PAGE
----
Tune In for Better Electronic Edge Finder Accuracy

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					    Tune In for Better Electronic Edge Finder Accuracy

                                            By R. G. Sparber

                                               April 3, 2007

                                  Copyleft protects this article.

                                    I own a modified Fowler® Electronic
                                    Edge Finder. The LED and battery have
                                    been removed and a wire attached to the
pin. This wire connects through an interface circuit to my Shumatech Digital
Read Out. More on this circuit and how the EEF works can be found on my
web site.

The EEF has a Total Indicated Runout1 of around .0002" which is good. But
there is more to the story. The EEF fits in a collet, which then fits into the
spindle of my RF30 mill/drill. The result is a TIR of between .001" and
.0015". This error directly effects the accuracy of setting zero. With the zero
point off, all DRO readings are off by the same amount. I will reluctantly
accept error in my DRO if I must. In this case, I can eliminate it.

The first step is to place calibration marks on both the EEF and collet. The
EEF has 6 holes through the black plastic part of the body. I numbered these
holes 0 to 5. I did not have to mark the collet since it was already stamped
with "R8".

The collet has a groove on its side that accepts a pin inside the spindle to
prevent collet rotation. I can use the "R" on the collet as a pointer to the
numbers marked around the EEF's body. Once I find the best position of the
EEF with respect to the collet, I simply note which number is opposite the
"R". Since the collet does not turn, I can be assured a consistent TIR.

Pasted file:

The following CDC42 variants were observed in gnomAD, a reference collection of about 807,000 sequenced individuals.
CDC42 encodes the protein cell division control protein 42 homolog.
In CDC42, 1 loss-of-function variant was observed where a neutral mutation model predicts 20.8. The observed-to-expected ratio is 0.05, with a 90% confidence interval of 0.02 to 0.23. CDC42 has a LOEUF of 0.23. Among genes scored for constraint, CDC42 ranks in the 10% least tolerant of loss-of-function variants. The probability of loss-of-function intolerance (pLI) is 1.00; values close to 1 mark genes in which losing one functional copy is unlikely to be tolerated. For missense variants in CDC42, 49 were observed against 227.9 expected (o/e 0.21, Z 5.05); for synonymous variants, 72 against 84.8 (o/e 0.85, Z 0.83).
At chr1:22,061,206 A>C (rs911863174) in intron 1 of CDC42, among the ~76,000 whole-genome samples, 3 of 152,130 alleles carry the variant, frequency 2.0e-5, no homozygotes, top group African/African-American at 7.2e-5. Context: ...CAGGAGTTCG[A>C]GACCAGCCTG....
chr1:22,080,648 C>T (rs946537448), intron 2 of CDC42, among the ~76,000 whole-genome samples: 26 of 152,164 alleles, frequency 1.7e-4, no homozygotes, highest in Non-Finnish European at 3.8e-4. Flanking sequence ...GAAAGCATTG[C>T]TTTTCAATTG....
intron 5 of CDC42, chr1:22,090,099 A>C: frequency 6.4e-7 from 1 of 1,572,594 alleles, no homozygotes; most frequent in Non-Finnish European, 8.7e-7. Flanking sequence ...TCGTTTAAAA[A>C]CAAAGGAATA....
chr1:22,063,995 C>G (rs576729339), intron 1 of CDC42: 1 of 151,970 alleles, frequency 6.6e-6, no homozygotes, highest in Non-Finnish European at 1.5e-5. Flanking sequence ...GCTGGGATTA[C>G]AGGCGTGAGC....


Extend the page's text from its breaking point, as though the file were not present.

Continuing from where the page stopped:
Next the quill is locked to minimize side play. There is still some play from
the spindle bearings but that cannot be canceled. It will contribute to the
overall error of the machine. Some error cannot be avoided.
1
 If the term Total Indicated Runout confuses you, please feel free to contact me for an explanation. A
search of the web gave disappointing results. I will provide a full explanation in the text if there is a need.
I used my Starrett Last Word® Dial Test Indicator to find the maximum and
minimum runout. Note these locations on the EEF's perimeter. I turned the
EEF so "0" lined up with the "R' on the collet. In my case maximum is at
hole 4 and minimum is at hole 2. The maximum DTI reading was +.002"
and the minimum reading was +.0005. Ideally, the maximum and minimum
should be exactly opposite from each other but this is good enough. The TIR
equals the maximum minus the minimum so .0015".

Next we need to calculate the tool offset which is used by the DRO. The
EEF's pin is .2000" according to my mic. If the TIR was zero, I would input
.200 into the DRO as tool offset and be done. Zero TIR means that the center
of the DRO is also its center of rotation.

I will skip the logic and math and just say:

          Add the TIR to the mic'ed diameter of the
          EEF's pin and use that value as the tool offset.

In my case, the tool offset would be .2000" + .0015" = .2015". There is a
catch here. The DRO only accepts numbers to the nearest thou for tool offset
so I must round up or down and accept avoidable error. I'm not about to do
that even with an error of .0005". Time to tune in the EEF. As I rotate the
EEF relative to the collet, the total TIRs changes. The idea is to find a new
position for the EEF with respect to the collet that will give me a TIR with a
zero value in the tenths position.

I loosened the collet and rotated the EEF so hole number 2 lined up with the
"R" stamped into the end of the collet. This will change the TIR. The result
was a maximum half way between hole number 2 and 3 with a value of
+.002". Minimum was found half way between hole 5 and hole 0 with a
value of +.001". Note that this time the maximum value and minimum value
are 180 degrees apart as predicted by the theory. The TIR now equals .002" -
.001" = .001" so the tool offset equals .201". No more round off error.

To use the EEF, I call up the tool offset and tell the DRO which face of the
EEF I will use for touch down. Then I rotate the EEF to the mark showing
the maximum. For me the tool offset is .201" and my touch down point is
half way between holes 2 and 3. By simply being mindful of where to
perform touchdown, I am able to eliminate an error of .001".
For many jobs, I do not care about this error. But when it matters, I just have
to be sure I line up hole 2 with the "R" in "R8" and then touch down
between holes 2 and 3 in order to attain the best possible accuracy from my
EEF.

I would like to thank Tom Davis for helping me refine this text.

Comments and questions are always welcome. All of us are smarter than any
one of us.

Rick Sparber
Rgsparber@AOL.com
Rick.sparber.org